OPINION: Children deserve better playgrounds
Parks Dept. needs a bigger budget
Take a moment and think about your childhood playground, no matter how long ago it was. I’m sure you remember running around with your friends, playing on the swings and the monkey bars. I bet it was even nicer if you grew up in a suburban neighborhood or your city’s parks were well-funded.
However, here at P.S. 46 Edward C. Blum Elementary School in Fort Greene, our school yard is a sad place to look and play at. Our playground, which is a jointly-operated park attached to Oracle Playground, has one giant open space with cracked concrete and nothing for us to play on. The other students and I currently use this as a place to walk, run and jump rope, and some play basketball but that’s it.
We can use Oracle Playground during PE class and recess, but the jungle gym is old and too big for the younger kids, the swings are too small for growing kids like me and the rocking animals are broken. In addition, the water fountains don’t work, we don’t have working sprinklers during the hot weather and there aren’t any functioning bathrooms there.
Not all playgrounds are equal, even in our own community, and our playground has a lot of issues. The equipment doesn’t work and the playground floods when it rains. It is unfortunate and not fair. Other schools in our neighborhood share school yards that have nice basketball courts, a track and field, swings for all ages, even pools and not to mention working equipment.
Last October, P.S. 46 hosted a planting event with then-Democratic nominee Crystal Hudson of New York City Council District 35 as part of New Yorkers for Parks’ annual Daffodil Project. For its 20th anniversary, we honored the victims of 9/11 and the COVID-19 pandemic but also called attention to our decaying playground. When the daffodils we planted bloom in the coming weeks, they will serve as a reminder of how desperately we need to dedicate 1 percent of the city budget to the Parks Department.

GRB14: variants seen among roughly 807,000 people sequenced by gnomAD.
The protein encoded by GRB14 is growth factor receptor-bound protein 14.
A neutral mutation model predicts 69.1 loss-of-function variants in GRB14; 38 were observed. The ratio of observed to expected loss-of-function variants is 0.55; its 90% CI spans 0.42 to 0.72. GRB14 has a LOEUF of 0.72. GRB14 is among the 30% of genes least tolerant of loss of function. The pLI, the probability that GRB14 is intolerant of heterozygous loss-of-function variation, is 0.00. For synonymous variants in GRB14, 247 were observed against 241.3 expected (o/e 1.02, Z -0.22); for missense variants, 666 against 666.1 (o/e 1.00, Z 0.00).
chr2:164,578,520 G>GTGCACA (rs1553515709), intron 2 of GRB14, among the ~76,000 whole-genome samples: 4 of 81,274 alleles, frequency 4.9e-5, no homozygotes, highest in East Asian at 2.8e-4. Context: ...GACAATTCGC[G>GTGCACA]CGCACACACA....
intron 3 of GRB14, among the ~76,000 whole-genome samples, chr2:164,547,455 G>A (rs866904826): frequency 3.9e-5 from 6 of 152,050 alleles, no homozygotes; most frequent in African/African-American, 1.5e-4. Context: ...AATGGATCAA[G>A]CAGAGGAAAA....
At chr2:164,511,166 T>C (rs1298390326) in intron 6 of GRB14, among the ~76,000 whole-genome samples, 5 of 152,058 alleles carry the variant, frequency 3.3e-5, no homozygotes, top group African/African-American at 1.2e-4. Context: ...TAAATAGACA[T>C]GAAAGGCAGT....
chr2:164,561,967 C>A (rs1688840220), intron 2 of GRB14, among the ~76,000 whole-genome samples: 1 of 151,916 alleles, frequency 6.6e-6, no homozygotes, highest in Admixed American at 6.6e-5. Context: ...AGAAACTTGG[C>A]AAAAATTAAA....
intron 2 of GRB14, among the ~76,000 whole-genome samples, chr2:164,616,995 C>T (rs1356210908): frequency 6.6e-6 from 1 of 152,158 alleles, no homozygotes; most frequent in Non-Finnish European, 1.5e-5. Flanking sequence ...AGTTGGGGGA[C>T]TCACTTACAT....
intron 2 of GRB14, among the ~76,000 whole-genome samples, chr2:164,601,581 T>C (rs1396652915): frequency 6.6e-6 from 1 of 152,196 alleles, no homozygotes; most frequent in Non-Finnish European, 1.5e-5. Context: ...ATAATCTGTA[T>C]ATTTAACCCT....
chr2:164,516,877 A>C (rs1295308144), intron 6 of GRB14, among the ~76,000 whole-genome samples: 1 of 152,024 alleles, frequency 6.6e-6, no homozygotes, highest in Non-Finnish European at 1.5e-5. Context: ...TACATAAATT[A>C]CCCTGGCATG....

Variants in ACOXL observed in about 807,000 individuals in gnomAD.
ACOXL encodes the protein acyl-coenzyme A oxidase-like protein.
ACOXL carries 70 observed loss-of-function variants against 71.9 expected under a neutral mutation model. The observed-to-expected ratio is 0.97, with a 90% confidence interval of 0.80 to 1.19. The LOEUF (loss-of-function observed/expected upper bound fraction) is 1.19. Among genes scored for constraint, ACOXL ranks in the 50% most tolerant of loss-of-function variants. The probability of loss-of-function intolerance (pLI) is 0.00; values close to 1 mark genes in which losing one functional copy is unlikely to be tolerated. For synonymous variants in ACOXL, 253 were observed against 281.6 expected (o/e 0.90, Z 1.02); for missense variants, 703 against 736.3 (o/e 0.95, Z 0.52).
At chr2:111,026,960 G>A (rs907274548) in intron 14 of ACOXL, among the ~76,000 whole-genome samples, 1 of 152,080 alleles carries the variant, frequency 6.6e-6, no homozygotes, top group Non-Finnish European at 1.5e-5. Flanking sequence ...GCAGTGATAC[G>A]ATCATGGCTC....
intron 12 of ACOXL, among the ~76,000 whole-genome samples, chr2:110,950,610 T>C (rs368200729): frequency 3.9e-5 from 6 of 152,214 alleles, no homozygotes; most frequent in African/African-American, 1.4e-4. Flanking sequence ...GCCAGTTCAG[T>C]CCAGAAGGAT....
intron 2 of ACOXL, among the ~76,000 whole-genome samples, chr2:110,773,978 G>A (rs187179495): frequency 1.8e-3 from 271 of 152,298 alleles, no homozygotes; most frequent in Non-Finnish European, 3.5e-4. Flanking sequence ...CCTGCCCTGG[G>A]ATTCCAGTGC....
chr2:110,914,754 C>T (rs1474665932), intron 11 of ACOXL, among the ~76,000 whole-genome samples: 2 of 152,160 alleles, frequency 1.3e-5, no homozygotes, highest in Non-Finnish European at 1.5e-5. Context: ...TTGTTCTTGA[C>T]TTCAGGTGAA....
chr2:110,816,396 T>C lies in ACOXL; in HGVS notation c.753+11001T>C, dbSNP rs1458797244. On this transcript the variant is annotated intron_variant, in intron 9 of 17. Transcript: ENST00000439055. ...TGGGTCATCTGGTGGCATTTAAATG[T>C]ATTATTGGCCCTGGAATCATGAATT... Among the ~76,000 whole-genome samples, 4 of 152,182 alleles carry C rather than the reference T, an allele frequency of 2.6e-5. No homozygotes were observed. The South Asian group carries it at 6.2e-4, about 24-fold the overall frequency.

This funding will not only make a huge difference for our parks and open spaces across the five boroughs, especially as more people start using parks now that spring has arrived, but for children like me — the future generation of New York City.
One percent for parks is an investment in our future so our parks and playgrounds can be a clean and safe place for kids to learn and play. Playgrounds and parks are critical for kids of all ages and abilities. My classmates and I want a playground that we can all use — not just some of us.
Having a working playground and spending time outdoors at school increases physical activity, improves a student’s brain functioning which helps them to perform better in class, promotes social growth and allows us to have fun.
We want to have fond memories of our childhood playground, not images of its disarray and sadness. This is only possible if Mayor Eric Adams and the City Council commits to 1 percent for parks, ensuring that the Parks Department has the resources it needs to improve my playground and maintain the rest of our parks and open spaces for all New Yorkers.
Evangeline Medrano is a fifth grade student and student body president at P.S. 46 Edward C. Blum Elementary School in District 35. She expressed these views at a Parks Committee budget hearing last week.
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